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Thursday, 5 April 2012

Top 10 April Fools

When I was a teenager my twin sister and I went to different sixth forms.  We always wanted to swap schools on one April fools day, but on neither of the years did April 1st fall on a school day.   A wasted chance!  So I’ve had a look for the best and worst April fools this year.  I can’t take credit for this list as it’s not my own, but Mobile mag has a pretty good list:

Sector7: Doing Europe

Outside the Jazz Cafe POSK. I don't think that piano gets played.

I have often been told about the delights of a European jazz audience by various bands that have toured the continent.  I have had some experience in this myself when performing in Lithuania, and finding that the local jazz club was packed with people - many young people amongst them - which is quite different from a typical jazz club in the UK.  This may have been that the jazz club in this particular town was the place to be, in a town that didn’t offer much else in the way of nightlife.  In our country it’s difficult to attract large and new audiences, I think partly because of the lack of funding in jazz and possibly the comparably large amount of funding for other art forms which present competition for audience members.  Whatever the reason, it’s notable to a lot of British Jazz musicians, that European audiences are surprisingly young and enthusiastic. 

So our first “European” experience was in Hammersmith(!), at the Jazz Cafe POSK.  This is a jazz club in the basement of what seems to be a Polish community centre, and it was such a busy and buzzing night, packed full with a fantastic audience.  

A fan's photo
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The following weekend we set off for Germany, to play at a festival in Reutingen, which is a few miles south of Stuttgart.  We had originally intended to be going to compete in a Young Jazz Ensemble award at the Burghausen jazz festival that week, but unfortunately hadn’t been invited to take part in the live rounds, which was a disappointment, but one of the emotional risks you take when entering a competition.  Nevertheless, we still had a gig that I had arranged a while ago when planning our competition trip.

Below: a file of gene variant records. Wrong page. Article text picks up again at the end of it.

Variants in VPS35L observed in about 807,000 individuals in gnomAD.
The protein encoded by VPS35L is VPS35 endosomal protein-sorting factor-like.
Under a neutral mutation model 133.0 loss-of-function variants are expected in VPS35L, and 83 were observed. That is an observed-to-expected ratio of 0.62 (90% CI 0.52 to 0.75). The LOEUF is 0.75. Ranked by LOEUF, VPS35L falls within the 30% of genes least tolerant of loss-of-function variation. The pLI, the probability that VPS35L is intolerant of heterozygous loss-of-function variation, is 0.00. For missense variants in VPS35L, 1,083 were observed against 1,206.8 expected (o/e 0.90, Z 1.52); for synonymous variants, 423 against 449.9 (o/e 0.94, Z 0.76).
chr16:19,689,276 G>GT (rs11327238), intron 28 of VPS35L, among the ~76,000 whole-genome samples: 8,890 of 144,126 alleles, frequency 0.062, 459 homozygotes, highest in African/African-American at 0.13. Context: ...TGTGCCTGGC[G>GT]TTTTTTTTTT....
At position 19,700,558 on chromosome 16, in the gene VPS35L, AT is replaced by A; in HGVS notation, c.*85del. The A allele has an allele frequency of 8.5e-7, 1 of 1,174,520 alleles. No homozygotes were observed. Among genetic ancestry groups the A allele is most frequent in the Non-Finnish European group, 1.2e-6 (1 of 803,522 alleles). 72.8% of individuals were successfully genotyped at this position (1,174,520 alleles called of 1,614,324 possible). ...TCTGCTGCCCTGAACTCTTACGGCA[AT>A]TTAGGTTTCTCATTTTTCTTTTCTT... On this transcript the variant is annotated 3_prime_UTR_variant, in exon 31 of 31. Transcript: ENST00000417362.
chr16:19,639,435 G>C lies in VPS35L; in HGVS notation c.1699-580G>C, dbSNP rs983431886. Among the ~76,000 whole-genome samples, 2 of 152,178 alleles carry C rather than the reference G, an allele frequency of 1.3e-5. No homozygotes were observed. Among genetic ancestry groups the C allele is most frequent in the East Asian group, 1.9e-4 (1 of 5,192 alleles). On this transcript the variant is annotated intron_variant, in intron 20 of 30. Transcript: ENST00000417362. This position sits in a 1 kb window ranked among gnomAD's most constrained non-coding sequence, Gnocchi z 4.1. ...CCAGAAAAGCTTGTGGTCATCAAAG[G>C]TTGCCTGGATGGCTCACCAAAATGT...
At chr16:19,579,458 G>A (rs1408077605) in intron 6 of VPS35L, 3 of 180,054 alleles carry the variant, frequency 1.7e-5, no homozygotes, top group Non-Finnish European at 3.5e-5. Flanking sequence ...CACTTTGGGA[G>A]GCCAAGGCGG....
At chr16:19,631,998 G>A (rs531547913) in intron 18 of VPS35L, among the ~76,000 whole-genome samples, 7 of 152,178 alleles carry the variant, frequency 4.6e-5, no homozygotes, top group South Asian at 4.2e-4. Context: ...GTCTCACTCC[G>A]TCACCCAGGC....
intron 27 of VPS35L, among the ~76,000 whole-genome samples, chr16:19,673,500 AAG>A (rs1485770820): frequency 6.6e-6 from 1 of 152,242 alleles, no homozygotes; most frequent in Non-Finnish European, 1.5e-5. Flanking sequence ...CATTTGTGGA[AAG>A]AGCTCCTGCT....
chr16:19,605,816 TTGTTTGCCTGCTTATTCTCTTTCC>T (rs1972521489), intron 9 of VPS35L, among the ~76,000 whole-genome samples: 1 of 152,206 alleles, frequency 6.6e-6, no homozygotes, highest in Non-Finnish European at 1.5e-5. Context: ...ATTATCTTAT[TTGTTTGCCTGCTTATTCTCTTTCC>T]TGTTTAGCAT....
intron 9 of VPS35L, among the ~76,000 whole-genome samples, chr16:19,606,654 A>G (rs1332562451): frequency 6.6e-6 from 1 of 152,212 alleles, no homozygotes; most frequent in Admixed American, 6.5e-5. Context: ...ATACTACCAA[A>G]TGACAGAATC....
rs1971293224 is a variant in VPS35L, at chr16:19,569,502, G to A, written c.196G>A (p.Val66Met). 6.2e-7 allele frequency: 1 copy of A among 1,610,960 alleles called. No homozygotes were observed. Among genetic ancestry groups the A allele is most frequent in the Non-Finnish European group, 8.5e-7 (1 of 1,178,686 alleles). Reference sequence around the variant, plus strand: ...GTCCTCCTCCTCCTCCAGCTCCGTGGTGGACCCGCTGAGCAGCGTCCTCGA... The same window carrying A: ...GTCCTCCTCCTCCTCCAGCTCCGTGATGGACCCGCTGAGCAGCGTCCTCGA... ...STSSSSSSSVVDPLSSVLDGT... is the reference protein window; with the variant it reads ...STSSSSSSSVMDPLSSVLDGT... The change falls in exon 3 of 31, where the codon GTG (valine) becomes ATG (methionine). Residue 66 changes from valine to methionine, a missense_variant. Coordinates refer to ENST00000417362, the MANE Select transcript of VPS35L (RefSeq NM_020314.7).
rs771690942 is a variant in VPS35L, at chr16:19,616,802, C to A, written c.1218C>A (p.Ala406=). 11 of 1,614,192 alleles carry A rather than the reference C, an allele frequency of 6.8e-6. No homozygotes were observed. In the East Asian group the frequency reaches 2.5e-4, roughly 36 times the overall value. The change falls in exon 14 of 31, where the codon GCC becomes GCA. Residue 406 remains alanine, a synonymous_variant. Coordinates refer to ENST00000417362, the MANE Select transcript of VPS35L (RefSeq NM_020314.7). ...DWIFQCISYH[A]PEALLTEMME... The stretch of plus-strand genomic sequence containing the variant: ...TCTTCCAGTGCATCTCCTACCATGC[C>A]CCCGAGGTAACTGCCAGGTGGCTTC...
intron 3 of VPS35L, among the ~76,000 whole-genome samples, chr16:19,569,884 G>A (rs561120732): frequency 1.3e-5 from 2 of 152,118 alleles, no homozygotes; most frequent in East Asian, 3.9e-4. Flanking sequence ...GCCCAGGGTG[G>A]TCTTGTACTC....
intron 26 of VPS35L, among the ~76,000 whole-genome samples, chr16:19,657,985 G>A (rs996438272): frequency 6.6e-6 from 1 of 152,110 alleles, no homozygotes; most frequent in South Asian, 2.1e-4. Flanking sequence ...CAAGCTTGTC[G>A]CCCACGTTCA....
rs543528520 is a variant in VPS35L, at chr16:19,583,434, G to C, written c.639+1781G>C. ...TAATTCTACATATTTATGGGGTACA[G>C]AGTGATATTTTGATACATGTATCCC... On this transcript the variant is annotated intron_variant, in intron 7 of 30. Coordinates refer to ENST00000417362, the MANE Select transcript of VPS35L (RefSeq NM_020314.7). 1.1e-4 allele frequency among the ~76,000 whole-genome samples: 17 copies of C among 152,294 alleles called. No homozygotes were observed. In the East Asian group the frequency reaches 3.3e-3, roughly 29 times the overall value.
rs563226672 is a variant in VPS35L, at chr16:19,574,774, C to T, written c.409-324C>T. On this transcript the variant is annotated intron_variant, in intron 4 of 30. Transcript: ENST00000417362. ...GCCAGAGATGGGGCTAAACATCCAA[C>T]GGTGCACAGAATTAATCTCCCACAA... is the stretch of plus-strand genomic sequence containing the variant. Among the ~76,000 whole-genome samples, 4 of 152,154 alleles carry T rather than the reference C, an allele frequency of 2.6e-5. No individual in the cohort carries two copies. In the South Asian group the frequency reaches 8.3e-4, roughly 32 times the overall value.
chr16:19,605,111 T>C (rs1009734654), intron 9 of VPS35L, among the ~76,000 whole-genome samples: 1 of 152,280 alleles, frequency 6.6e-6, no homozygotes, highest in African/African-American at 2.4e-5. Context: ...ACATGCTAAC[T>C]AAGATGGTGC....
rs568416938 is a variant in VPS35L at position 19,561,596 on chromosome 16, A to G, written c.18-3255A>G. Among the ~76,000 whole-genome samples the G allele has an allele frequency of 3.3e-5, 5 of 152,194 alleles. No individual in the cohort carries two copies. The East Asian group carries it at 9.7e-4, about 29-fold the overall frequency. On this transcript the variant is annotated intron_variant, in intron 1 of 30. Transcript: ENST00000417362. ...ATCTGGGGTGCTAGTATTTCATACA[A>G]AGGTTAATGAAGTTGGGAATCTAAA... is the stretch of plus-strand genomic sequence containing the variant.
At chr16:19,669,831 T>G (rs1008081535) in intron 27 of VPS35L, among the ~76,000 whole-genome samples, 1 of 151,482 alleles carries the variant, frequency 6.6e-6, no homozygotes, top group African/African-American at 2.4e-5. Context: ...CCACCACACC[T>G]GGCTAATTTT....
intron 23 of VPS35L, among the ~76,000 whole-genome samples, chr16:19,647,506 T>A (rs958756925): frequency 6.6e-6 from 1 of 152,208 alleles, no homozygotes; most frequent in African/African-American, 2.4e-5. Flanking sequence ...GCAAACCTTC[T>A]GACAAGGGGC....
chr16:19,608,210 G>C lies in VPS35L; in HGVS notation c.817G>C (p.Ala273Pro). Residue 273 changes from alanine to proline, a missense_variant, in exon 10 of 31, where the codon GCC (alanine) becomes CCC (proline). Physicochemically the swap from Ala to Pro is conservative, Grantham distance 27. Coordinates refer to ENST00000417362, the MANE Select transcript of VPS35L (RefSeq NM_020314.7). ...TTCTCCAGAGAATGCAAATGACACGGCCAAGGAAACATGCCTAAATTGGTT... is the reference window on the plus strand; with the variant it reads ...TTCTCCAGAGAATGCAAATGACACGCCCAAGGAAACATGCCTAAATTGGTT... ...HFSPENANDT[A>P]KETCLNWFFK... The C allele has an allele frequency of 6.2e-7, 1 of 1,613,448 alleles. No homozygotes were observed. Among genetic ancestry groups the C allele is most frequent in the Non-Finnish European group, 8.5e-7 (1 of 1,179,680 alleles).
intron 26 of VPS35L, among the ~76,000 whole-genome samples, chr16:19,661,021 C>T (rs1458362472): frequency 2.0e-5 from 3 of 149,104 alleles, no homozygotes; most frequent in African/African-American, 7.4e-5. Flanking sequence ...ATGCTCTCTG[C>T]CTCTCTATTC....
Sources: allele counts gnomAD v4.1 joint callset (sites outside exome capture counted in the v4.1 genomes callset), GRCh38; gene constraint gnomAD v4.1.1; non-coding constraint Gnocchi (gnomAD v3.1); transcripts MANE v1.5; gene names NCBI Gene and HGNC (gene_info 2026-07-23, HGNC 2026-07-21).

This concert was at Jazz in der Mitte, which is a popular club that is 50 years old this year, hence holding a festival to celebrate this anniversary.  Sector7 was one of 3 British bands invited to play during the month-long festival, the others being Portico Quartet, and John Law’s trio.  

Excellent service on BA

We set off from Heathrow T5 at lunchtime on Saturday and arrived in South Germany with a bus ride to the jazz club to look forward to.  Being in a foreign country is exciting, and somehow less stressful than being at home, because all the jobs and endless things that you have to do as a self-employed musician disappear, and are replaced with stresses about where you should be going, and how you’re going to ask for directions when you don’t know a word of German!  But with six other friends to help out, it becomes a team experience.  

The drama started with our first bus journey, where the driver hadn’t got a clue what I was talking about when asking if an overnight return was available, and he resorted to asking a random passenger in the front of the bus to translate for us!  We eventually worked out that we could only buy singles, so piled on with all our equipment.  I wonder what the locals thought of us siting there for almost an hour bursting into song every so often (this seems to be a regular Sector7 occurrence, with more than one extroverted singer in the room)!

Looking surprised that we made it all in one piece.

Arriving at Reutlingen, we found it to be a lovely little town, with a bustling high street, down which we hoped to find a jazz club.  The trouble with travelling to gigs is that you rarely have time to explore or enjoy the area, which can be seen as a good thing because it means that you don’t have time to spend your gig fee on food/drink/useless things!  But it is a shame to travel so much, but only really see the inside of a gig venue and hotel room.

Jazz in der Mitte is a great little place, cramped into the cellar of a club, with chairs and tables squeezed in as tightly as possible to maximise the use of the minimal floor space.  The intimate stage barely fit seven people on, but we managed.  The club has done a terrific job of making a great experience for all audience members - half of the club is seated side-on to the stage, but cameras, speakers and a large TV-screen mounted on the wall means that all punters can share the same experience.  

Sound check on the very small stage.  I'm standing at the back
of the club here!

The gig was brilliant - we were warmly received, and enthusiastically applauded at every turn of genius from soloist or ensemble.  It was so motivating to perform well, to have that level of appreciation.  At the end of the concert we did a fairly lengthy encore, and then trooped off-stage upstairs to our Green Room.  Overwhelmingly, I could hear unceasing applause, so realised I should probably go back onto stage.  As I returned through the bar, the applause became uproarious!  I’ve never experienced such a reception!  Sadly for the crowd, three of the band had already escaped to the toilet and I knew I wouldn’t be able to get them back down, so I merely plugged our CD again.  Must have worked because we sold 34 - wow!